Style Tanto
Overall Length 12 3/4 inches
Blade length 7.5 inches
Blade material Steel U.S. CPM 3-V High Carbon
Blade thickness 5 mm
Blade width 1.5 inches
Handle material G10 Glass epoxy
Overall weight 13 ounces
Features Diamond like coating – Highly rust and scratch resistant
Comes with Secure-Ex sheath. Extremely well balanced as a survival blade
All business
MSRP $329.99

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Hatchet / Axespyderco-logoo

H01 SzaboHawk Tactical Tomahawk


Spyderco Axe
[su_frame]Why we love this blade[/su_frame]

♥ It’s not just a tool, it’s a close-combat weapon, and offers a curved handle that places the center of balance midway along its length. That makes this axe faster!
Style Tomahawk
Overall Length 11.88 inches
Blade Length 4.89 inches
Blade material D2 Tool Steel, TiCN Coated
Blade thickness 0.30 inches
Handle material G10
Overall weight 24.7 ounces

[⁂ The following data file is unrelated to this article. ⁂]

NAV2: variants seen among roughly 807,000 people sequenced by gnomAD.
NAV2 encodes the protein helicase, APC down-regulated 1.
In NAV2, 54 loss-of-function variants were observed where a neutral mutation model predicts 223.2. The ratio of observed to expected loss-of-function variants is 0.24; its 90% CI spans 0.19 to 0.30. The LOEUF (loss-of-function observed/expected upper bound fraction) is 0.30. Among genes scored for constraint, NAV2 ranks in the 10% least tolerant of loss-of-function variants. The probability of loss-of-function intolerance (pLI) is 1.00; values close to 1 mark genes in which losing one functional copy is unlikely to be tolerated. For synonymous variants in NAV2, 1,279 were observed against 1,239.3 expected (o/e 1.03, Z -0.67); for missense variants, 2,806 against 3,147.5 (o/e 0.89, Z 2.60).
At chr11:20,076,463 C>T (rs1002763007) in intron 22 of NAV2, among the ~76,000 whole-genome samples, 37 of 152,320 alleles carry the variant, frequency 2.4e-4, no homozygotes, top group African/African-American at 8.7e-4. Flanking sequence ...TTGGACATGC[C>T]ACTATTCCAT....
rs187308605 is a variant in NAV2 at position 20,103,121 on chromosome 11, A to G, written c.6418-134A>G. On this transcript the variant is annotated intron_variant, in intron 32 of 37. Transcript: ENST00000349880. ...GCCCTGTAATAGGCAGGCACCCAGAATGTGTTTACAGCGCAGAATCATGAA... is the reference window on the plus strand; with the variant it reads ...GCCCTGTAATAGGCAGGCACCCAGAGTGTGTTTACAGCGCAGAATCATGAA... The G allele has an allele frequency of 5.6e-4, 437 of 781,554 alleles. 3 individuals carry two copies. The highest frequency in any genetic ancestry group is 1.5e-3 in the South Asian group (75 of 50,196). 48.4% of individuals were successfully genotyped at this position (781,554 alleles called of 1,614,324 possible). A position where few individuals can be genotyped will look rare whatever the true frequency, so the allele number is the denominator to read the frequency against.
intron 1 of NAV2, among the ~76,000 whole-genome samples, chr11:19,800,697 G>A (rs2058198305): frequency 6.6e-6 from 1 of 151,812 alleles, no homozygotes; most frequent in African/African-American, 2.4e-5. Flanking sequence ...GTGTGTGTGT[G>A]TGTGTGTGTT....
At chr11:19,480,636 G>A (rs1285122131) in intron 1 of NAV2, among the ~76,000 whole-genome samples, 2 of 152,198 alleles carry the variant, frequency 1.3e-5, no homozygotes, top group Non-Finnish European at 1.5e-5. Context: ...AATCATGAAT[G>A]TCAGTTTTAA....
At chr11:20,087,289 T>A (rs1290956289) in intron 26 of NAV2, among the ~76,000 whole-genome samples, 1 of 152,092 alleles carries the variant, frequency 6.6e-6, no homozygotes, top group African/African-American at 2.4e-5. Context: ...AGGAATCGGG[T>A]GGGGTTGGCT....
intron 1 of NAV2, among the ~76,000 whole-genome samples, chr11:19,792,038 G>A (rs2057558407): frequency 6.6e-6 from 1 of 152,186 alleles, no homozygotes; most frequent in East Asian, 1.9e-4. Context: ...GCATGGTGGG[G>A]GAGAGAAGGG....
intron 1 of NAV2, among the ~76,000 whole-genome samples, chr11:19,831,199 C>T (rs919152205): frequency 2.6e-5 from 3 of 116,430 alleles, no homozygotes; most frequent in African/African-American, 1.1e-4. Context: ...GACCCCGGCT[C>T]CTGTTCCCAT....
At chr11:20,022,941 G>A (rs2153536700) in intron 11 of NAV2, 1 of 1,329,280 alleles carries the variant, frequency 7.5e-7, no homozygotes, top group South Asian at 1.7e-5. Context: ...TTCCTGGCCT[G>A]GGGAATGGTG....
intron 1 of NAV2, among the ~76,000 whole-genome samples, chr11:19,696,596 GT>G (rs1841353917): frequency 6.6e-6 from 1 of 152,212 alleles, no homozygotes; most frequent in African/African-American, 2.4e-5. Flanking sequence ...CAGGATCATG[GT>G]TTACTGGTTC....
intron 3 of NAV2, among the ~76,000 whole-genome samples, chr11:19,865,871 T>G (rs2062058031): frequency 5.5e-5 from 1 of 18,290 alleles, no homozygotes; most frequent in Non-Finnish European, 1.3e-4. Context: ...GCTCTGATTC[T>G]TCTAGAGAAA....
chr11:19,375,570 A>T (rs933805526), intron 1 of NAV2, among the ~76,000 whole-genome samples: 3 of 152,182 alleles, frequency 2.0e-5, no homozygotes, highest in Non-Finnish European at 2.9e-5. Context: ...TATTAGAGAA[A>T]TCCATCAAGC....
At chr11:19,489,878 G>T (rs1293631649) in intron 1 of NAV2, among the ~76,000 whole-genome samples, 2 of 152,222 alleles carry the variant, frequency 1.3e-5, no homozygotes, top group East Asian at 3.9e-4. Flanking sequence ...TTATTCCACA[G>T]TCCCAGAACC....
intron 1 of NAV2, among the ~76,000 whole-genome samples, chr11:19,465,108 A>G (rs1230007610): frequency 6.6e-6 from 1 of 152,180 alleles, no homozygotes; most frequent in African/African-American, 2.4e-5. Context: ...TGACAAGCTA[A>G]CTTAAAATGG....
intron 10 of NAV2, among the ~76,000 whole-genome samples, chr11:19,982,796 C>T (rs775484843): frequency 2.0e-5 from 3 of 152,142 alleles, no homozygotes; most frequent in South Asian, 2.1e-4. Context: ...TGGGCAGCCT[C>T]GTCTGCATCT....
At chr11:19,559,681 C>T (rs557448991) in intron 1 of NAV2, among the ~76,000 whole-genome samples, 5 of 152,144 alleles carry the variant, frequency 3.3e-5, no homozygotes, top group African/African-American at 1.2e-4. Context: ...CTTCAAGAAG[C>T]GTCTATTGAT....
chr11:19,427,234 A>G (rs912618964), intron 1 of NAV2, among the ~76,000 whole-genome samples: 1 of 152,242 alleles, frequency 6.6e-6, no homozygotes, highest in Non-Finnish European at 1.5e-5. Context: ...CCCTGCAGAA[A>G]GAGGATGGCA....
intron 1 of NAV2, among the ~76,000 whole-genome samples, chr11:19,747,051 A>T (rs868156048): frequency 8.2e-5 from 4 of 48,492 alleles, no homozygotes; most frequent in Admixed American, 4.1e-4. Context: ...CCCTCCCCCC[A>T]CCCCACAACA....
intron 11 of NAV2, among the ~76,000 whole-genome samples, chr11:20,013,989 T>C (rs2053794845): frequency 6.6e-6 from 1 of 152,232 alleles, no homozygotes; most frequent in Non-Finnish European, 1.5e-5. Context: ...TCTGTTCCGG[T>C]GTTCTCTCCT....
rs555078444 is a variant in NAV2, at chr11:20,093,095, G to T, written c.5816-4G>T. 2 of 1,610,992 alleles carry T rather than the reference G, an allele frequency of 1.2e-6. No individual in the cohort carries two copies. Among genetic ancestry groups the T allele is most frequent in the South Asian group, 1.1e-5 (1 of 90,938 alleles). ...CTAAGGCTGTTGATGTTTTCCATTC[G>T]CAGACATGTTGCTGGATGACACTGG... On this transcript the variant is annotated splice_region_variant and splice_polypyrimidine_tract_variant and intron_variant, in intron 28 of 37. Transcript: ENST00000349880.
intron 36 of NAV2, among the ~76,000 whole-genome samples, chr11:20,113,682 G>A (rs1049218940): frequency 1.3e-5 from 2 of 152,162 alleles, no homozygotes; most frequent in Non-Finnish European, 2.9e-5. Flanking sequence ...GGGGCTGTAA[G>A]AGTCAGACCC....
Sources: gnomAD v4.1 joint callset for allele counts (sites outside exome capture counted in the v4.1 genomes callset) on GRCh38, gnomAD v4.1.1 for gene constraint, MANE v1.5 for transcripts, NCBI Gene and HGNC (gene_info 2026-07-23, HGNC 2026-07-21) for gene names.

MSRP $349.95

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Editor’s PickTops-color-logo

Baja 4.5

 

TOPS Baja 4.5
[su_frame]Why we love this blade[/su_frame]

♥ It comes with a fire-starter flint because yes, this is for those types. A rugged blade with a handle meant for gripping in the wettest and messiest of outdoor survival situations. Makes us want to go outside bearing it in our teeth and growl a lot.
Style Spear point
Overall Length 9.25 inches
Blade length 4.88 inches
Blade material 1095 RC 56-58
Blade thickness 0.160 inches
Blade width 1.25 inches
Handle material Green canvas micarta
Overall weight 6.2 ounces
MSRP: $160

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Folding / PocketOntario-Knife-Company-Logo

Joe Pardue Folding Knife

ONTARIO KNIVES Ontario knife utilitac 1-a
[su_frame]Why we love this blade[/su_frame]
♥ Designed by Joe Pardue. Clean, simple, ease of use. Not over the top. Only five moving parts on this Tactical-assisted opening mechanism
Style Drop point
Overall length 8 inches
Blade length 3.2 inches
Blade material AUS-8 steel
Blade thickness .12 inches
Blade width 1 inch
Handle material Zytel
Overall weight 4.5 ounces
MSRP: $76.25